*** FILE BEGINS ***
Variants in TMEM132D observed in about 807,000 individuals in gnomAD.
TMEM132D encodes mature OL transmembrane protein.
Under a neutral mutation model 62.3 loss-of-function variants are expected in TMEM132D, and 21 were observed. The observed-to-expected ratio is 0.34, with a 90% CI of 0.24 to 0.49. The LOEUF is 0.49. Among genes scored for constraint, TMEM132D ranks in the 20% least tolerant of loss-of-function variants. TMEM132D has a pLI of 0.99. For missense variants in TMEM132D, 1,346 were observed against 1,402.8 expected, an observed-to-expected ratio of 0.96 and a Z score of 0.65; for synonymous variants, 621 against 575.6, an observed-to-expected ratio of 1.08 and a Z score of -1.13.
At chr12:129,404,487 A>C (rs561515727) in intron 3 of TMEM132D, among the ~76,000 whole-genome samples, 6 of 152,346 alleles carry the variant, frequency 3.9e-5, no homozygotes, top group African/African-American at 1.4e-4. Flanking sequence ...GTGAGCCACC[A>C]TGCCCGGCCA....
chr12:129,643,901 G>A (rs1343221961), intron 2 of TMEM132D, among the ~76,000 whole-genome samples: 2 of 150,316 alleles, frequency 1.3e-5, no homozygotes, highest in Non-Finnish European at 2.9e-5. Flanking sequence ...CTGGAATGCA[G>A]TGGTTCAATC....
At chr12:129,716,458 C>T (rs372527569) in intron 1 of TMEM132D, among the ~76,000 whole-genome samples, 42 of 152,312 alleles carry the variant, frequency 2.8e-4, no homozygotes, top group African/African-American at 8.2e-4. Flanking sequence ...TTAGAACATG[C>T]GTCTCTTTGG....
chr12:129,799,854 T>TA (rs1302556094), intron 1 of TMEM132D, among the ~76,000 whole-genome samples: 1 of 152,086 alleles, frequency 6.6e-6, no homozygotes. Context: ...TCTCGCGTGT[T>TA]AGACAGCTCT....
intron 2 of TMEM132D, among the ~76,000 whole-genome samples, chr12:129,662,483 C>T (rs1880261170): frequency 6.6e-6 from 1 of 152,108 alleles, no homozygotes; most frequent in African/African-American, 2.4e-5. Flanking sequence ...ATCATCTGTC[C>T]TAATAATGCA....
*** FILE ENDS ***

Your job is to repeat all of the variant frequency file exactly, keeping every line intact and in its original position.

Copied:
Variants in TMEM132D observed in about 807,000 individuals in gnomAD.
TMEM132D encodes mature OL transmembrane protein.
Under a neutral mutation model 62.3 loss-of-function variants are expected in TMEM132D, and 21 were observed. The observed-to-expected ratio is 0.34, with a 90% CI of 0.24 to 0.49. The LOEUF is 0.49. Among genes scored for constraint, TMEM132D ranks in the 20% least tolerant of loss-of-function variants. TMEM132D has a pLI of 0.99. For missense variants in TMEM132D, 1,346 were observed against 1,402.8 expected, an observed-to-expected ratio of 0.96 and a Z score of 0.65; for synonymous variants, 621 against 575.6, an observed-to-expected ratio of 1.08 and a Z score of -1.13.
At chr12:129,404,487 A>C (rs561515727) in intron 3 of TMEM132D, among the ~76,000 whole-genome samples, 6 of 152,346 alleles carry the variant, frequency 3.9e-5, no homozygotes, top group African/African-American at 1.4e-4. Flanking sequence ...GTGAGCCACC[A>C]TGCCCGGCCA....
chr12:129,643,901 G>A (rs1343221961), intron 2 of TMEM132D, among the ~76,000 whole-genome samples: 2 of 150,316 alleles, frequency 1.3e-5, no homozygotes, highest in Non-Finnish European at 2.9e-5. Flanking sequence ...CTGGAATGCA[G>A]TGGTTCAATC....
At chr12:129,716,458 C>T (rs372527569) in intron 1 of TMEM132D, among the ~76,000 whole-genome samples, 42 of 152,312 alleles carry the variant, frequency 2.8e-4, no homozygotes, top group African/African-American at 8.2e-4. Flanking sequence ...TTAGAACATG[C>T]GTCTCTTTGG....
chr12:129,799,854 T>TA (rs1302556094), intron 1 of TMEM132D, among the ~76,000 whole-genome samples: 1 of 152,086 alleles, frequency 6.6e-6, no homozygotes. Context: ...TCTCGCGTGT[T>TA]AGACAGCTCT....
intron 2 of TMEM132D, among the ~76,000 whole-genome samples, chr12:129,662,483 C>T (rs1880261170): frequency 6.6e-6 from 1 of 152,108 alleles, no homozygotes; most frequent in African/African-American, 2.4e-5. Flanking sequence ...ATCATCTGTC[C>T]TAATAATGCA....